In just about ten days, everyone’s favorite archer (sorry Hawkeye), will make his return for the second season of ARROW on the CW. As someone who significantly enjoyed the first season, I’m very excited to see what’s in store for “The Hood.” Given the already announced casting news of Grant Gustin as TV’s Barry Allen aka The Flash, the scope of what we can expect in this new season seems to be growing exponentially. For all intents and purposes, ARROW seems to be leading the way in expanding the DC Universe among mainstream audiences.

As a lifelong DC Comics fan, I’m excited that WB seems to be finally moving towards the aggressive side of exploiting their IP, albeit on the small screen. Recently announced GOTHAM and CONSTANTINE are further evidence that the recent leadership change at the studio may end up proving fruitful for the studio and fans alike. While TV is not always the first preference when it comes to comic book/superhero properties, I do appreciate the initial planning and effort that is being put forth. Only time will tell if these small screen endeavors increase the chances of big screen franchises in the years to come.

When it comes to Oliver Queen and the return to the earthquake-ravaged Starling City, the future in uncertain but exciting. DC/WB are being aggressive in their planned expansion of the DC Universe. There are a few ways that this can be viewed. I love the idea of expanding the universe in which the Green Arrow exists, but I hope it doesn’t come at a cost to the integrity of the show. Seeing other recognizable characters from DC Comics in a live-action TV show has the potential be a great thing. However, the title of this show is ARROW. It’s not the DC Universe, it’s not Justice League. I don’t have an issue with using ARROW to launch THE FLASH for next year, but expanding the DC Universe should never go past a couple episode guest spot.

During its later years, SMALLVILLE nearly went full-on Justice League with their story lines. Some would argue that those were some of the highlights of the entire series and I enjoyed those stories quite a bit too. However, I never really got on board for a “JV” Justice League. These weren’t fully formed characters but they were already marching towards what we knew they would eventually become throughout the preceding decades of comic book stories. In my opinion, there are just certain aspects of the comic book/superhero universe better suited for the multiplexes.

Many fans, including myself, are disappointed at the possibility of the delayed cinematic version of The Flash now that the character has been repurposed for The CW. I think the idea to spin his show out of ARROW is a pretty inspired and smart idea. Unfortunately, I know that Barry Allen will still not be getting the full canvas of storytelling that only a movie screen can offer. I have no reason at this time to doubt that THE FLASH can be a compelling weekly story to tell on TV, but it’s going to need to go above and beyond what ARROW does consistently to be considered a true hit. The landscape for storytelling changes when you have main characters with superpowers. Not only does this elevate expectations for itself but it does for ARROW as well. And therein lies the heart of my concern.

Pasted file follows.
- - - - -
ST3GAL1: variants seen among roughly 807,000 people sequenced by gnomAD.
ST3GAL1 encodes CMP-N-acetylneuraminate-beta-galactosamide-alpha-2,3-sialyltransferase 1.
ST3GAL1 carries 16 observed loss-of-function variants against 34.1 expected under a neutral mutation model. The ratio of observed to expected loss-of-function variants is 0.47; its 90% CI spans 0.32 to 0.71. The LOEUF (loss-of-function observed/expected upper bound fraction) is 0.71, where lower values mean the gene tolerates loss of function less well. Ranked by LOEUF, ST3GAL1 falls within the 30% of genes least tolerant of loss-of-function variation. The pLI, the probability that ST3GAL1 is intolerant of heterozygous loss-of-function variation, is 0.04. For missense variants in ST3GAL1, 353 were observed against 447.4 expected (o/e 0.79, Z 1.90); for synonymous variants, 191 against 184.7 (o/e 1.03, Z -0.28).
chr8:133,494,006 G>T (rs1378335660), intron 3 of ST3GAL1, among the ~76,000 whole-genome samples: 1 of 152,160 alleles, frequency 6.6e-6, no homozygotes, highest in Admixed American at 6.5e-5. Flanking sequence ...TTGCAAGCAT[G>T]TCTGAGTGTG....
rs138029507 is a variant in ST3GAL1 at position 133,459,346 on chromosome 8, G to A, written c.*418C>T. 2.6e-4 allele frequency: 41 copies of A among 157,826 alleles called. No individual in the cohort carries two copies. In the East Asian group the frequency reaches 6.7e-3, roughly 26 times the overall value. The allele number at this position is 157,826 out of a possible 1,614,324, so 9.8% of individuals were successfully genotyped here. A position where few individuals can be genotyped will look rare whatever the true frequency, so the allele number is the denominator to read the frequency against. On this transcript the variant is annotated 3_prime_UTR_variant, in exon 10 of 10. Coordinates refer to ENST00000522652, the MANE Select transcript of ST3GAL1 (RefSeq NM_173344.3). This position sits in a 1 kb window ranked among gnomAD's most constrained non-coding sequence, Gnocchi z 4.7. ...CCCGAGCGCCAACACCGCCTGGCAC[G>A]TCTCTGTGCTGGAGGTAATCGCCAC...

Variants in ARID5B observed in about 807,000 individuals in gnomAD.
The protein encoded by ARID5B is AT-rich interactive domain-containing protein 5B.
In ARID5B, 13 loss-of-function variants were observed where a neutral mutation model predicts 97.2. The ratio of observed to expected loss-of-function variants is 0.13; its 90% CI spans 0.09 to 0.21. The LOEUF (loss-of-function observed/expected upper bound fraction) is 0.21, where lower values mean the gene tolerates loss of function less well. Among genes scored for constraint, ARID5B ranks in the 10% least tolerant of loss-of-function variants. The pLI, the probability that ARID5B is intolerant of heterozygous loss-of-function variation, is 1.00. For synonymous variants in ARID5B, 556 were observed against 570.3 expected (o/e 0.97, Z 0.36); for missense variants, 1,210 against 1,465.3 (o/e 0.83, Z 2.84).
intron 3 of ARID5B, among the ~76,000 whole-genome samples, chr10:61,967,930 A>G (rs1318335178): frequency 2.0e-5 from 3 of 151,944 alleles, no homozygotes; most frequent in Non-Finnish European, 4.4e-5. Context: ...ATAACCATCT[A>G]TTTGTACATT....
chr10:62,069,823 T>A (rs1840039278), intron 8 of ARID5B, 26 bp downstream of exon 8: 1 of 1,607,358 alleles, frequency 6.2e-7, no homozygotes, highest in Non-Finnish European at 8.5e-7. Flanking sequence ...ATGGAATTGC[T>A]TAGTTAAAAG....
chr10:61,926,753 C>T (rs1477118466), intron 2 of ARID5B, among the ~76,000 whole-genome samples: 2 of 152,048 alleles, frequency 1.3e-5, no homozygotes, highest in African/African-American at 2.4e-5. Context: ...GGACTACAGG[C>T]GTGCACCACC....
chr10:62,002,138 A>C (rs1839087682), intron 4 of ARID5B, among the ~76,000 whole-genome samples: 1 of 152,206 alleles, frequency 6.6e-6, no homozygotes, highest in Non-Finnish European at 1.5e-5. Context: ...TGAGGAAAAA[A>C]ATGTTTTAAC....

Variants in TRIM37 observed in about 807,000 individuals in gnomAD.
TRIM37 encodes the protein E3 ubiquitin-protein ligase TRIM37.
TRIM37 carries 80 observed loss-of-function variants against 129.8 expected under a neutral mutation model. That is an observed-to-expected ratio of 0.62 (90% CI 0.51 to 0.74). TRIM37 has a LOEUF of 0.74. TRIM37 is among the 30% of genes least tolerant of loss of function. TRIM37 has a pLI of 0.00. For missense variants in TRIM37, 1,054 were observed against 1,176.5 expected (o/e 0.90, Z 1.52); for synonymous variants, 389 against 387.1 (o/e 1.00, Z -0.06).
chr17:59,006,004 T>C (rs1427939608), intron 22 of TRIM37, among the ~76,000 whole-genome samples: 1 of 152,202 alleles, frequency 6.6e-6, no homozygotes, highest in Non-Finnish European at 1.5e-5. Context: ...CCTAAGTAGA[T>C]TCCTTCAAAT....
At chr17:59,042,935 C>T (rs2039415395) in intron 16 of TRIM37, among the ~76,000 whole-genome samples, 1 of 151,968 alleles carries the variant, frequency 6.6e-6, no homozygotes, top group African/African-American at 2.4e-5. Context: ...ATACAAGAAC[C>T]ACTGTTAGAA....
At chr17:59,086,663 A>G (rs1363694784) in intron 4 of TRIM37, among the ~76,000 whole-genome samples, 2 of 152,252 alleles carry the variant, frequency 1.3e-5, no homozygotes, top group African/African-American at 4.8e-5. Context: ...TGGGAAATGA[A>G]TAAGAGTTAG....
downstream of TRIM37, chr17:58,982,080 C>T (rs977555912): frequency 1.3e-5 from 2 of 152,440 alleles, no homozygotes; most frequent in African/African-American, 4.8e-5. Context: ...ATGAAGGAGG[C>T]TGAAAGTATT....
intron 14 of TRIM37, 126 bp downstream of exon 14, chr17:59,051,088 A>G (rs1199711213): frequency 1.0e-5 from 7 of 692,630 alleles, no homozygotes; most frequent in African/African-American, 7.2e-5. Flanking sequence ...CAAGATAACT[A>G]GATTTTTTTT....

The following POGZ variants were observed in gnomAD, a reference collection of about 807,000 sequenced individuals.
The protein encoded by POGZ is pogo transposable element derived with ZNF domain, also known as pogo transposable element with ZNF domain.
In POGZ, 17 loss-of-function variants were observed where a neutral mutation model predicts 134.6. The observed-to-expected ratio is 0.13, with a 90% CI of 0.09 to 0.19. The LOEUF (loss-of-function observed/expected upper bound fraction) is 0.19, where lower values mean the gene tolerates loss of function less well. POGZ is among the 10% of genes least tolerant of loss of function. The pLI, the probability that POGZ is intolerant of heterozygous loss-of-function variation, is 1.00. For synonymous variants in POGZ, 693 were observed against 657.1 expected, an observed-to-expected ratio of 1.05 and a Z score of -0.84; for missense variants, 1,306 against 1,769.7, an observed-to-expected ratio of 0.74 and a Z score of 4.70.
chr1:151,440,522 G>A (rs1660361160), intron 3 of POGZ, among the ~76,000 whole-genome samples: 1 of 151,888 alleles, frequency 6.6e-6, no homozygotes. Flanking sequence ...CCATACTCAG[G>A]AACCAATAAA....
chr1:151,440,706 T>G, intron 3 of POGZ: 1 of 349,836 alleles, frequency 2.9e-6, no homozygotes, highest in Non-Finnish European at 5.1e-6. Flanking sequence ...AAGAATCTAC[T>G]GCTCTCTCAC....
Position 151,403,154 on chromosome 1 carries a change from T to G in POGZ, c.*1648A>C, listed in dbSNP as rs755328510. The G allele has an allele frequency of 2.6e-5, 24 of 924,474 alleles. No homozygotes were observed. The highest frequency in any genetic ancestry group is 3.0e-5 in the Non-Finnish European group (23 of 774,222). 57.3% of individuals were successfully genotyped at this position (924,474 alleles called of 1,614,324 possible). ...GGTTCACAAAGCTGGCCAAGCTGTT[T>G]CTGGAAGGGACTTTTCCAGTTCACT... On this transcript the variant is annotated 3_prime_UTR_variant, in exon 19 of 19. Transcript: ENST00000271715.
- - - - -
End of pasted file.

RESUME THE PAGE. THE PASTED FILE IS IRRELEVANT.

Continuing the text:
I’m a firm believer in the mantra of the story comes first. On one hand, it’s obvious that DC/WB are pushing to expand the reach of their IP. On the other hand, they are directly using an existing show as a springboard. Was this a studio mandate or did the writers of ARROW in the early stages of working on season two come up with a great reason to bring Barry Allen into the same world they created for Oliver Queen? As of right now, I don’t believe the latter is true. For those of us who prefer to see our favorite DC Comics characters on the silver screen, what happens in season two of ARROW could be a double-edged sword. If the appearance of The Flash and subsequent spin-off TV series end up being a significant success, fans of DC Comics may be in for the long haul in front of their TV screens if they want to enjoy those characters in a live-action format. Outside of Batman, Superman, and possibly Wonder Woman, the shared DC Cinematic Universe could be on the way to becoming the DC Televised Universe.

Now would probably be a good time to insert “beggars can’t be choosers” into my concerned stream of consciousness. And yes, that’s true. I know films are expensive and come with a much greater risk versus the potential return on investment. I know that over time, TV shows can reach a far greater audience than a movie ever could. But I don’t want the live-action DC Universe to grow just because of a executive mandate. I want the push to expand to come first and foremost from the heart of creativity.

TV and Film are and always will be a business. But people don’t purchase movie tickets or program their DVR’s just because something new is coming. They do it because they want to be entertained. They want to escape. They want to connect. It’s great to have variety and so many choices for entertainment. But there are far fewer choices that ever stand the test of time. So many pilots and films come out each year and are quickly forgotten. But every once in awhile a team of creative people come along and produce something that you will never forget. It doesn’t matter if it’s a TV show or a film, the right experience can stay with you.

My only hope for season two of ARROW is that this time next year, I’ll be reminiscing about how great the stories were and not about how many characters I recognized from the DC Universe.

Keep your browsers locked on Modern Myth Media for our upcoming coverage of ARROW season two!


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